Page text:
No one actually knows how the City of London Labour Party is linked to the Labour Party in the Cities of London and Westminster (which doesn’t seem to know about the election) or to the Miliband Labour Party.  And no one knows what they represent, but variety certainly spices up the election and the Labour Party candidate is very welcome.  In 2009 they alleged that the bulk of CCs were professional bankers belonging to an old boys’ network.  This came as a bit of a shock in Bedspread where not a single CC is a banker, or had ever been a banker or wanted to be a banker – well, who would admit to being one?  Now if they said they were Freemasons, that would be another story!

Election Fever 2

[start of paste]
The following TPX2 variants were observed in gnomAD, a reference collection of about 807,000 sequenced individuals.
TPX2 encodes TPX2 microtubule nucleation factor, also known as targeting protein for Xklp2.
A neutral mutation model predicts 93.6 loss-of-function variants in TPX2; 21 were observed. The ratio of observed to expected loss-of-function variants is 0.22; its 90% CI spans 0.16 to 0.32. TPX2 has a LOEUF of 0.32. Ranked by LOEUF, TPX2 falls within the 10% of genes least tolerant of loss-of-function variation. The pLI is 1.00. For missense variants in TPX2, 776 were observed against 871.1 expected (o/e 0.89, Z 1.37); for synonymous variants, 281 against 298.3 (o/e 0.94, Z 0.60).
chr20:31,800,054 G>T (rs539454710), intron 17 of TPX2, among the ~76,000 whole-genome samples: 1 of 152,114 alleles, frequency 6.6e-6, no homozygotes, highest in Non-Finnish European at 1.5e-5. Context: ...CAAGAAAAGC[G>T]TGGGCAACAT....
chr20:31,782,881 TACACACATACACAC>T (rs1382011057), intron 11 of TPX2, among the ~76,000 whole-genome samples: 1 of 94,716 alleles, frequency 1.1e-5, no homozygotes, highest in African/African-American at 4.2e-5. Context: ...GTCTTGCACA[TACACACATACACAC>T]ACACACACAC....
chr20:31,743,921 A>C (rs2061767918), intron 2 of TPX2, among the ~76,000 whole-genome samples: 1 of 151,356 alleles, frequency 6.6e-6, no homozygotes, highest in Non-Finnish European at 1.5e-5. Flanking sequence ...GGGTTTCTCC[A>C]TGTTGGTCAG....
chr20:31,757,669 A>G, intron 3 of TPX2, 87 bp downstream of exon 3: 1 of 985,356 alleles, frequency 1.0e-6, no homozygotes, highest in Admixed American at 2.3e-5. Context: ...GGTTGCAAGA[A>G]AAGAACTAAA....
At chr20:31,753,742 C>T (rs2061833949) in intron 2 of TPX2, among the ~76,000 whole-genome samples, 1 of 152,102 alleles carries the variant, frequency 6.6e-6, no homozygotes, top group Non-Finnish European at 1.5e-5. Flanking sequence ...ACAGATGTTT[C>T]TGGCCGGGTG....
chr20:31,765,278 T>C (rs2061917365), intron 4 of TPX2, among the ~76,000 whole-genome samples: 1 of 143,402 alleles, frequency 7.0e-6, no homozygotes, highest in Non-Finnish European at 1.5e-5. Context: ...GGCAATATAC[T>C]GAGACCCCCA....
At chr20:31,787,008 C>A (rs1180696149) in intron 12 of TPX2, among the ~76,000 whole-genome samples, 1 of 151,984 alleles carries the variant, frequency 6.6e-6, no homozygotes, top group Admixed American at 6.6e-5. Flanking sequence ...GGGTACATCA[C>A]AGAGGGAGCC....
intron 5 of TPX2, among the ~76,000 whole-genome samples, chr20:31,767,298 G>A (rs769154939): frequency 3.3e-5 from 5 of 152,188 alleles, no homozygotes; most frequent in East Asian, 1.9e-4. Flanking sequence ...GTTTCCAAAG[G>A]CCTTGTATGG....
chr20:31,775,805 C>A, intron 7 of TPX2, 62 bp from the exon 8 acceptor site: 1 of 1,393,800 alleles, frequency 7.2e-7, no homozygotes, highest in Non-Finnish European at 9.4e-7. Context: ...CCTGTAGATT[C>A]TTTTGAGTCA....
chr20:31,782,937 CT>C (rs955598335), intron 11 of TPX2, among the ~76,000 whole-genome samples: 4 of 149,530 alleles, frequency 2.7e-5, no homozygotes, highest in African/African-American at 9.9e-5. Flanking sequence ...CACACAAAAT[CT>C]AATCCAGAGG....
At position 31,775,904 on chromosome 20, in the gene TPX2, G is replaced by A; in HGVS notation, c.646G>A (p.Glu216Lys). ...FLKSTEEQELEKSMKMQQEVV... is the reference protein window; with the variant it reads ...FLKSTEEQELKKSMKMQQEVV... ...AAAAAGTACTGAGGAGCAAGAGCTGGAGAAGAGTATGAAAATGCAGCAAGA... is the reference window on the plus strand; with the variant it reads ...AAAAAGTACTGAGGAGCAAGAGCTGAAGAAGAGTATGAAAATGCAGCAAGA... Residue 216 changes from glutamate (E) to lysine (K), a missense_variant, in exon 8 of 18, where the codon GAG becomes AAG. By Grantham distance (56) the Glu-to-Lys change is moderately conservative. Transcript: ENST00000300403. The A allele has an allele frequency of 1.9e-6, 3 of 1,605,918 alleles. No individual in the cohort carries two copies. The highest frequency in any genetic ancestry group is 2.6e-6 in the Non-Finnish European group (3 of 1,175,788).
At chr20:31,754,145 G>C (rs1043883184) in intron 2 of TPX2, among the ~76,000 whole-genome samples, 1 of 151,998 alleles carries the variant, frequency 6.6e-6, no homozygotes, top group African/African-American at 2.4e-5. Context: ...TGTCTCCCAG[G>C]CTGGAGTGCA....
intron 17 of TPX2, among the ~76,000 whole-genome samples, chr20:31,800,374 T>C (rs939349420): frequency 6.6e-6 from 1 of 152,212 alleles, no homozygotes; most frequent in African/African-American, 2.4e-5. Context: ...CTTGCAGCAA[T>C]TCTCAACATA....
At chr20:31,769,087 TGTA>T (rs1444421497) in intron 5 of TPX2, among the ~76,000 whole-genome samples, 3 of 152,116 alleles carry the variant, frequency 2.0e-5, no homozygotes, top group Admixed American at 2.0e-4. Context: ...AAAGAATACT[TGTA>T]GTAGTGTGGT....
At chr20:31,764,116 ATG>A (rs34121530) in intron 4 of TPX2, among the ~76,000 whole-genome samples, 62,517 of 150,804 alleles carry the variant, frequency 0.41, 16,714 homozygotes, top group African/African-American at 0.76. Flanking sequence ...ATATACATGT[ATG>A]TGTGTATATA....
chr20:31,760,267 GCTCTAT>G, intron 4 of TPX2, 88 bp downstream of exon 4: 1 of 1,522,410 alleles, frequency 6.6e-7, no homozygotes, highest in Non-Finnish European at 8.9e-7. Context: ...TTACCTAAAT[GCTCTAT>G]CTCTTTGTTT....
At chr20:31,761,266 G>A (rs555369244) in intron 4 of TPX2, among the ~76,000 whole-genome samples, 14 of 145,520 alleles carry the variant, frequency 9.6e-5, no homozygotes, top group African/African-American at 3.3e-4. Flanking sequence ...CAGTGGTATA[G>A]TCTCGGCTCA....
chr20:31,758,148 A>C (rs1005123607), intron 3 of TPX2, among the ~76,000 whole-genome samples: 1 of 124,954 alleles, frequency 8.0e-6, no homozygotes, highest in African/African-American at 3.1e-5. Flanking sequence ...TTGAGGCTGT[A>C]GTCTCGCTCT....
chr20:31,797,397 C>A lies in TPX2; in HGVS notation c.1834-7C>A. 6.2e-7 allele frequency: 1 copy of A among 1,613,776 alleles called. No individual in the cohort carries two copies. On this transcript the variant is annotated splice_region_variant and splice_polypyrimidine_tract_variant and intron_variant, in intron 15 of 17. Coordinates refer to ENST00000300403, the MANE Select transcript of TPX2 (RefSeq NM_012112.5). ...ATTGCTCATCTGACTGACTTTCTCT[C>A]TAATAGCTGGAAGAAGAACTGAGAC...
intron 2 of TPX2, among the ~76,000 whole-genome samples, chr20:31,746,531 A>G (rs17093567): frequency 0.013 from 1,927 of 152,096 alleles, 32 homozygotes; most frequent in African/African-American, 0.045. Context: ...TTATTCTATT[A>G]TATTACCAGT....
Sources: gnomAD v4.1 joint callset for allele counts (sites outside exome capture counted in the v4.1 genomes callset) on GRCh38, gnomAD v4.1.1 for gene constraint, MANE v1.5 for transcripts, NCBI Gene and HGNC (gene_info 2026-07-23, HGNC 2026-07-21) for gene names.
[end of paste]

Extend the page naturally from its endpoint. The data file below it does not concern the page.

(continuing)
This election has been marked by much pre-election activity.  A favoured route is the survey.  “I and my colleagues are carrying out a survey to find out what are the key issues in the Ward of Bedspread.” No mention of standing for election – not yet.  Bedspread is likely to have a few sitting members.  They may be long-standing members of the Court of Common Council who have, in their time, achieved a great deal.  They used to know the Ward well but it has changed and they have not changed with it, except to grow older.  They may have developed a real passion for some of the City’s more distant activities, such as Hampstead Heath or Epping Forest, rather than for street works and the night time economy.  And the public benefit conferred by the Corporation is obvious to them, so why is it not obvious to everyone?